One could argue that there’s no traditional American Thanksgiving dinner. While some families roast, deep-fry or barbecue their turkey, others opt for a vegetarian alternative such as Tofurky, or forego the bird altogether. So the question is: Who put the turkey in Turkey Day, and just how traditional is this “American tradition”?
Here’s what really happened at the Pilgrim’s Thanksgiving meal in 1621.
What the Pilgrims Ate at the First Thanksgiving Dinner
could have eaten are Dutch cheese, wild grapes, lobster, cod and stewed pumpkin. The side dishes probably didn’t matter much to the Pilgrims, though. They didn’t eat a lot of vegetables and preferred meals comprised of several meats—which means that turkey probably wasn’t the focus of their Thanksgiving meal. See our five Thanksgiving myths debunked.
Table Manners, 1621-Style
Seventeenth-century table manners would seem foreign at our modern family feasts. Pilgrims didn’t use forks, and they wiped their hands on large cloth napkins, which they also used to pick up hot food. They set every dish on the table at once and placed the best foods next to the most important people. Rather than pass dishes, they ate what was closest to them (forget sampling the lobster if it was across the table).
Today, many families eat Thanksgiving dinner in early afternoon. This might spring from the Pilgrims’ custom of eating the biggest meal of the day at noon. But while modern Thanksgivings emphasize family togetherness, in the Pilgrims’ day, adults sat down to eat while children and servants waited on them.
What Date Was the Pilgrims “Thanksgiving” Feast?
The three days of dancing, singing and playing games known as the first Thanksgiving were more of a fall festival, occurring sometime between Sept. 21 and Nov. 11.
And to historians’ knowledge, it was never repeated. Years later, New Englanders declared days of prayer and thanks. Nov. 30, 1777, the Continental Congress recommended a day of thanksgiving after US victory in the Battle of Saratoga.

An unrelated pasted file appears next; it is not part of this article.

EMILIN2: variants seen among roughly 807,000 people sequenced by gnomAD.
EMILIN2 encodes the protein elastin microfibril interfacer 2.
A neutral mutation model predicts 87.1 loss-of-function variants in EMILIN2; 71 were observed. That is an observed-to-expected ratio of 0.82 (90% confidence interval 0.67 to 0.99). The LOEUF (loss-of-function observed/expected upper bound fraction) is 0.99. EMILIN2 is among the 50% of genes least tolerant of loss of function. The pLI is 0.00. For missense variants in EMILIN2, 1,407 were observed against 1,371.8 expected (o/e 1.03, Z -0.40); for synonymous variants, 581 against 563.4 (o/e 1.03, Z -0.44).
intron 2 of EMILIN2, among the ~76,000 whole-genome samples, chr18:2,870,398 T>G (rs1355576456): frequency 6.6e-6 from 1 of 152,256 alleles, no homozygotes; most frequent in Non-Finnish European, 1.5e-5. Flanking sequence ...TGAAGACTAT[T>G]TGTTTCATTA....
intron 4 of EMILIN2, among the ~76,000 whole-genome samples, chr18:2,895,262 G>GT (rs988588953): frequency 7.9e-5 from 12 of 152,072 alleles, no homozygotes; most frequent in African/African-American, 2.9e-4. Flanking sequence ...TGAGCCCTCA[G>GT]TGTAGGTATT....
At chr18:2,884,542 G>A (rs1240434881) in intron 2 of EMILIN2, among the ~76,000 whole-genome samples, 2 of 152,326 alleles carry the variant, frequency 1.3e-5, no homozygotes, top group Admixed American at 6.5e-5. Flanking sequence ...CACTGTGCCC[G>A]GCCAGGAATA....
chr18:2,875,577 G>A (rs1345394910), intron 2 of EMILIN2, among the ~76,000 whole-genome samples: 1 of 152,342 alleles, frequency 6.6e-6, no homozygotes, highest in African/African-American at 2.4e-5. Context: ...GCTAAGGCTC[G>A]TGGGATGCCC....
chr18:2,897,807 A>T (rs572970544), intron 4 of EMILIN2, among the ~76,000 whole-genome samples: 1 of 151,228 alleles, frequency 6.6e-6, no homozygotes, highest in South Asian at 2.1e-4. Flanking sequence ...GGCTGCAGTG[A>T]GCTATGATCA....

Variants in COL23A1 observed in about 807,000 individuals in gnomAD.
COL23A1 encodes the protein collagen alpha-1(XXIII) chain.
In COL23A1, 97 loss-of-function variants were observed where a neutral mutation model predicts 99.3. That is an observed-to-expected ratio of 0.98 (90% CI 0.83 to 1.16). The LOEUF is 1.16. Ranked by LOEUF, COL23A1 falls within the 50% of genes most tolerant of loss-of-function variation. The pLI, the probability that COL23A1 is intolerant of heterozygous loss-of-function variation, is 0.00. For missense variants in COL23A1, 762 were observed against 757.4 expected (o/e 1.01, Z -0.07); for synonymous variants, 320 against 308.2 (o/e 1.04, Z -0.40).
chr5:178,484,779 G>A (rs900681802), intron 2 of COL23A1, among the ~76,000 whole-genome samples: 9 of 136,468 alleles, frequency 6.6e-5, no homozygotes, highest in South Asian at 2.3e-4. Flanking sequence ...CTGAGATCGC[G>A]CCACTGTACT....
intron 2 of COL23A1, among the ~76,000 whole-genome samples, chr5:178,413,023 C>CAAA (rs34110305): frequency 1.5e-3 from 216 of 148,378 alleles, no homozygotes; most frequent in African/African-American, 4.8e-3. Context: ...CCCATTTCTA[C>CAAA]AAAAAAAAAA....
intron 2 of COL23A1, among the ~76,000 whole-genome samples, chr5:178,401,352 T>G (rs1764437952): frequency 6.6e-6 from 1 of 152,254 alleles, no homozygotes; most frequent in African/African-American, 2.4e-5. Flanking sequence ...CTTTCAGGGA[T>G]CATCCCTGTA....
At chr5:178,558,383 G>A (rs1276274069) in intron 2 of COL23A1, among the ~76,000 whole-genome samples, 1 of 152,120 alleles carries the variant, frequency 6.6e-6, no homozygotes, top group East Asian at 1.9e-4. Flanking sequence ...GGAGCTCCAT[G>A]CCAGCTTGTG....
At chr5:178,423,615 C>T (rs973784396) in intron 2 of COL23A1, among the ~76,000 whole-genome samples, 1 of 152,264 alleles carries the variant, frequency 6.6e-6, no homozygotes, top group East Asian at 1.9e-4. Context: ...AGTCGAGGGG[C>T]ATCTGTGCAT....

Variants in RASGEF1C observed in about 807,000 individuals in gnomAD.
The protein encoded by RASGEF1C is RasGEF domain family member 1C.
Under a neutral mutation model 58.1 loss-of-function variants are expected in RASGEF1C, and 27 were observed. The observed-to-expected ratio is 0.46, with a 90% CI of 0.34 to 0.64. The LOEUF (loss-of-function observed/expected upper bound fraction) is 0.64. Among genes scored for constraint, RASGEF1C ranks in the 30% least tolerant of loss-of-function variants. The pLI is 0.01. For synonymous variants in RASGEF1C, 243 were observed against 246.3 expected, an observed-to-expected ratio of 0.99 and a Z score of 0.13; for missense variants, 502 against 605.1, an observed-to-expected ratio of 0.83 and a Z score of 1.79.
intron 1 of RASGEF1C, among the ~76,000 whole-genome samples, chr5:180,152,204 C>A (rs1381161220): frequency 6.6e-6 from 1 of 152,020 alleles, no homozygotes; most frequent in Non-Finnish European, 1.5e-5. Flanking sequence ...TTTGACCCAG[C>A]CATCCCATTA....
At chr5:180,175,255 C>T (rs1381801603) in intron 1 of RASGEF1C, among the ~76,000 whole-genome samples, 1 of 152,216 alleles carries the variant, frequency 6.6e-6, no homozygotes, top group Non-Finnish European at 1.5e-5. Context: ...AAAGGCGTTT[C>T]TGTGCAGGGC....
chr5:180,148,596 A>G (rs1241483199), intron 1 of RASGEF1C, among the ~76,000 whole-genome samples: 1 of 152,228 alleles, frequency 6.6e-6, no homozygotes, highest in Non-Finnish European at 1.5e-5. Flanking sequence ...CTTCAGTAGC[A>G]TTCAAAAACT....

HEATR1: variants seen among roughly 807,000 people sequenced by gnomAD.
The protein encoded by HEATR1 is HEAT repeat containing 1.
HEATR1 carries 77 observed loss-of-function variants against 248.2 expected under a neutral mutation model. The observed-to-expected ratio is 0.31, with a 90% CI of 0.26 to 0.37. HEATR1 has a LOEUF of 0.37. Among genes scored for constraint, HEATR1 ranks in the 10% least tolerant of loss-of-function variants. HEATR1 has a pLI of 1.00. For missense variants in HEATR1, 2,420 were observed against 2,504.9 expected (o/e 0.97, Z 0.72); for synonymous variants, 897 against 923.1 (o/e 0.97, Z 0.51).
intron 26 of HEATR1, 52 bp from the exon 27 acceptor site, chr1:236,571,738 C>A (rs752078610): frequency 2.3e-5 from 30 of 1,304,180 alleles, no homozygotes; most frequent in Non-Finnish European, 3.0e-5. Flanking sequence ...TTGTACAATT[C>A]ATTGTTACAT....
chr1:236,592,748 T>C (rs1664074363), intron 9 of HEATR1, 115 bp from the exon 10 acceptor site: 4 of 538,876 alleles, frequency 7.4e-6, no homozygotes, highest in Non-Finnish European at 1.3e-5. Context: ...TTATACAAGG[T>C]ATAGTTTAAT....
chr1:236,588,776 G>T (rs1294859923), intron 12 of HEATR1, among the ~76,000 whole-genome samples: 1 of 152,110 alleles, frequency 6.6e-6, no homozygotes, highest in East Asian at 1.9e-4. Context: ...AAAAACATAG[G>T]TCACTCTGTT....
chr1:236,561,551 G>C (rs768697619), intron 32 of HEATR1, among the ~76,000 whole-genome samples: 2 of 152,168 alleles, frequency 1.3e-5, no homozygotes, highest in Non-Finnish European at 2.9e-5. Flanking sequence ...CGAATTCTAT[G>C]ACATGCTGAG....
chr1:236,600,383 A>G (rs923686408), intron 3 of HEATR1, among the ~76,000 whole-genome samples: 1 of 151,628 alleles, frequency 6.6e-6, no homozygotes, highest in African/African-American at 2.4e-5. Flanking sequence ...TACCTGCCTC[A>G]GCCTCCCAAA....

But these were days of religious observance. And while Presidents Washington, Adams and Madison declared days of thanksgiving during their terms, the practice was not an annual tradition. In fact, Presidents Jefferson and John Quincy Adams considered it an infringement on the separation of church and state.
The Evolution of Thanksgiving
In the first half of the 1800s, the New England states had declared their own annual thanksgivings, which had become more secular and family-and-food focused. New Englanders had introduced the holiday to other parts of the country. By the mid-1800s, even Southern states, which had rejected the Yankee custom, began to celebrate thanksgivings.
In 1863, magazine editor Sarah Josepha Hale wrote to President Lincoln urging him to establish a national day of thanksgiving to unite the country. Taking her advice, President Lincoln declared the last Thursday in November, 1863, a national thanksgiving holiday.
Today’s Turkey Day
At the turn of the century, the holiday gained popularity as immigrants, trying to assimilate to their new home’s customs, added turkey to their ethnic cuisine. But it didn’t become an official, annual national holiday until 1941.
Today, Thanksgiving truly is an American tradition—though its roots might not stretch as deep as legend tells us. While menus vary by region and household, it’s a day when we come together as a nation to appreciate family and friendship. Just as the Pilgrims and Wampanoags did almost four centuries ago.